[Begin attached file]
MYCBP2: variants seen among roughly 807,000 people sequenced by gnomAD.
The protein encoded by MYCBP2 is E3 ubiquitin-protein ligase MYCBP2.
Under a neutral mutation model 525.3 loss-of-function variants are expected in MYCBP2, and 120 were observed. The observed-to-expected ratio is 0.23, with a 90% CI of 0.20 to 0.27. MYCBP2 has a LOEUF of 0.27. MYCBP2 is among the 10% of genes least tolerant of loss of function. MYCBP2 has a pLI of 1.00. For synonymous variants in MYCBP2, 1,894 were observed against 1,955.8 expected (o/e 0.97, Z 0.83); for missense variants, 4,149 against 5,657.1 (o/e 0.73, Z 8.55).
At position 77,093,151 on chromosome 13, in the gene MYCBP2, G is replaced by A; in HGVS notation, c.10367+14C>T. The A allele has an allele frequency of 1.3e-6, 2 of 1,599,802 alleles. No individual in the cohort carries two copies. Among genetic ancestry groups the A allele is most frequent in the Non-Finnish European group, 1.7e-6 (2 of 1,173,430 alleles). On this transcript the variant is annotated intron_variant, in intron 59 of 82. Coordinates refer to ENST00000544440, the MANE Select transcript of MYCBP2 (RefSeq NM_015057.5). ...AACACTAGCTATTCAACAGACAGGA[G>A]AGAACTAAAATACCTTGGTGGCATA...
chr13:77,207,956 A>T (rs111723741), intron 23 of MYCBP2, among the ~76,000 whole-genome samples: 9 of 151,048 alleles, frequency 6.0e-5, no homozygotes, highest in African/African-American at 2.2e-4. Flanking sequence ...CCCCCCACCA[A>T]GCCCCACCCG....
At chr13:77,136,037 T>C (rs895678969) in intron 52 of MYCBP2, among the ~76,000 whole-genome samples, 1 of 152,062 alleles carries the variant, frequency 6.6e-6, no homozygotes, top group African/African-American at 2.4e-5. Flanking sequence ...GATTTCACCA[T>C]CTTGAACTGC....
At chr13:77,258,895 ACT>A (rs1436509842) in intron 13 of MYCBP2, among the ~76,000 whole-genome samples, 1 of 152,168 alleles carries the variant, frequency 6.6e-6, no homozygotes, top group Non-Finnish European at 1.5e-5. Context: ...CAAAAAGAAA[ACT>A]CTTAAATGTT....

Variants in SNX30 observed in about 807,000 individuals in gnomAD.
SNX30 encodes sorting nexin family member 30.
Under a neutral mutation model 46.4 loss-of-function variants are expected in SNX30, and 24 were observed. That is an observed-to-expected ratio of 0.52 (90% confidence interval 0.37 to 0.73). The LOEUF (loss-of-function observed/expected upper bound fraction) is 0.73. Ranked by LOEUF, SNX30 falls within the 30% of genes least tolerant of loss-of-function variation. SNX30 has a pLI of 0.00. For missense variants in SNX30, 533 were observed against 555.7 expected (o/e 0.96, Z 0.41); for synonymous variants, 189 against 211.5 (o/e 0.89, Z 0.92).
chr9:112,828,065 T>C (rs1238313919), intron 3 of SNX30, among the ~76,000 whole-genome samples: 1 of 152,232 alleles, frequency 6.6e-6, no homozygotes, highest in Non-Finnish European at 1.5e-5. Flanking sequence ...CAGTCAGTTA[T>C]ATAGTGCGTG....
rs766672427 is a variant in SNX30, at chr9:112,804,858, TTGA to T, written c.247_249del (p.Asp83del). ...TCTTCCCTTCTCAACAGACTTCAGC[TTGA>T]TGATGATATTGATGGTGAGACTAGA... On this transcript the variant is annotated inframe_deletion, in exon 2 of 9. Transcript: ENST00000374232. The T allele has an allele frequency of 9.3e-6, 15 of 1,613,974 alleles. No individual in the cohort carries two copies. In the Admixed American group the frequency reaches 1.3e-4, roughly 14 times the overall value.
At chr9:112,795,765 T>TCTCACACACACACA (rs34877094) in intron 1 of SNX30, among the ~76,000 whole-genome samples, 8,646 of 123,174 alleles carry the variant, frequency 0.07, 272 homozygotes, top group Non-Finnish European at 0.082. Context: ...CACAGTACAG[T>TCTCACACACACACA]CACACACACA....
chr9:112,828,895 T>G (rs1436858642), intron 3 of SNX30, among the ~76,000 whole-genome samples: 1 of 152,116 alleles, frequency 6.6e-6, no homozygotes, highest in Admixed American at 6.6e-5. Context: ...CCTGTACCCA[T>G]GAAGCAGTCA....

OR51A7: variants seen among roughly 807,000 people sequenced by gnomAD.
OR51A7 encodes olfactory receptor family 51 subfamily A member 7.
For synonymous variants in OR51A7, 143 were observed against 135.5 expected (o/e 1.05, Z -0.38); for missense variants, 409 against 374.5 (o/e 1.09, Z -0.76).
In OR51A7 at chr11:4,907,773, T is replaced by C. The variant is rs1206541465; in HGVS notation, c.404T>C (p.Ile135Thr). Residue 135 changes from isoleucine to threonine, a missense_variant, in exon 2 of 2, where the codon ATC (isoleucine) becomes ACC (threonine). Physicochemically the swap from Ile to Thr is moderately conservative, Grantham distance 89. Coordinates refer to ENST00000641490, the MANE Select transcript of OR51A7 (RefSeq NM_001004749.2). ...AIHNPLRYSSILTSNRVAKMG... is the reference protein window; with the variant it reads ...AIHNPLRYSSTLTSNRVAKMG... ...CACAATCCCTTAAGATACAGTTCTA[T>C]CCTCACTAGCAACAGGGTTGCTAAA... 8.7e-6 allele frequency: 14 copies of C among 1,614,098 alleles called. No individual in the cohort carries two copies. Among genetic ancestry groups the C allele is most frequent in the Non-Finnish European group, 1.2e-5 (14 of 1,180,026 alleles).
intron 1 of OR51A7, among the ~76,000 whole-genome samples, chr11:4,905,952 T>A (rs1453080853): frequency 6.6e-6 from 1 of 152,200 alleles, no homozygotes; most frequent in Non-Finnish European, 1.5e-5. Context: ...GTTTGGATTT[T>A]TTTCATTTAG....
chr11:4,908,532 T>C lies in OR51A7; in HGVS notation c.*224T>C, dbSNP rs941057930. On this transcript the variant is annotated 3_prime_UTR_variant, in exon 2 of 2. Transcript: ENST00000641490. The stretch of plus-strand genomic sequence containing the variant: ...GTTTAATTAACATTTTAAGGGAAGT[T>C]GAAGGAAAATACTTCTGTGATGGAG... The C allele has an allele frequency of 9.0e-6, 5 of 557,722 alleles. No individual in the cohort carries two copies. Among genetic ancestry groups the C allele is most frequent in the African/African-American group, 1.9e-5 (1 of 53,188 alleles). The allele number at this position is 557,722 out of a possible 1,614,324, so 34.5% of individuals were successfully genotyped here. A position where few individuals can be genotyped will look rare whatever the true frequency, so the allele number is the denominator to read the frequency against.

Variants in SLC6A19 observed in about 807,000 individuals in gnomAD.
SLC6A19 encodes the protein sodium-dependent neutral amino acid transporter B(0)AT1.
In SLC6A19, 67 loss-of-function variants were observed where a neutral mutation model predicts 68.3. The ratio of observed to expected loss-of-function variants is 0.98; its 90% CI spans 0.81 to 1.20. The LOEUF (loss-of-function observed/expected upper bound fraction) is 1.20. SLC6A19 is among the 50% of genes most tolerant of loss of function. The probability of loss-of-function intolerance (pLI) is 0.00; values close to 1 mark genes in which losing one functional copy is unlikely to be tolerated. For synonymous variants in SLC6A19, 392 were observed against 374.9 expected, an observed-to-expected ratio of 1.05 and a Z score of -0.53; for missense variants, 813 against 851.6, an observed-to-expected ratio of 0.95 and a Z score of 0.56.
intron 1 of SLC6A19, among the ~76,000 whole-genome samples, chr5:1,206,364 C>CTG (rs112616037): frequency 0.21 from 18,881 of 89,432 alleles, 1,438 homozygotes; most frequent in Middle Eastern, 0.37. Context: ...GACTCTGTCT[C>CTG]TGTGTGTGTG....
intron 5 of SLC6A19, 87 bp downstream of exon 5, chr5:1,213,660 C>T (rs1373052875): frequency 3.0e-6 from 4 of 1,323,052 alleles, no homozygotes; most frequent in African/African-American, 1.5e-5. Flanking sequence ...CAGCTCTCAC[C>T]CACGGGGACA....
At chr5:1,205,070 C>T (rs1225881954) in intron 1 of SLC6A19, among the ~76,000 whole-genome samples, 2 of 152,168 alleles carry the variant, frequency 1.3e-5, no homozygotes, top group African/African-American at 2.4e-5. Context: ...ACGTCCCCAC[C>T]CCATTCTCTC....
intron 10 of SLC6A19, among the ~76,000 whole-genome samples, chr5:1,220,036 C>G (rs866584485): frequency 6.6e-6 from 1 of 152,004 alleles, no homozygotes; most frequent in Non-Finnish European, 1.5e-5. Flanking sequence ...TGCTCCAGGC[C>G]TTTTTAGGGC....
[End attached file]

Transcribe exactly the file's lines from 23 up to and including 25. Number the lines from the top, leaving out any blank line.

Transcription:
In SLC6A19, 67 loss-of-function variants were observed where a neutral mutation model predicts 68.3. The ratio of observed to expected loss-of-function variants is 0.98; its 90% CI spans 0.81 to 1.20. The LOEUF (loss-of-function observed/expected upper bound fraction) is 1.20. SLC6A19 is among the 50% of genes most tolerant of loss of function. The probability of loss-of-function intolerance (pLI) is 0.00; values close to 1 mark genes in which losing one functional copy is unlikely to be tolerated. For synonymous variants in SLC6A19, 392 were observed against 374.9 expected, an observed-to-expected ratio of 1.05 and a Z score of -0.53; for missense variants, 813 against 851.6, an observed-to-expected ratio of 0.95 and a Z score of 0.56.
intron 1 of SLC6A19, among the ~76,000 whole-genome samples, chr5:1,206,364 C>CTG (rs112616037): frequency 0.21 from 18,881 of 89,432 alleles, 1,438 homozygotes; most frequent in Middle Eastern, 0.37. Context: ...GACTCTGTCT[C>CTG]TGTGTGTGTG....
intron 5 of SLC6A19, 87 bp downstream of exon 5, chr5:1,213,660 C>T (rs1373052875): frequency 3.0e-6 from 4 of 1,323,052 alleles, no homozygotes; most frequent in African/African-American, 1.5e-5. Flanking sequence ...CAGCTCTCAC[C>T]CACGGGGACA....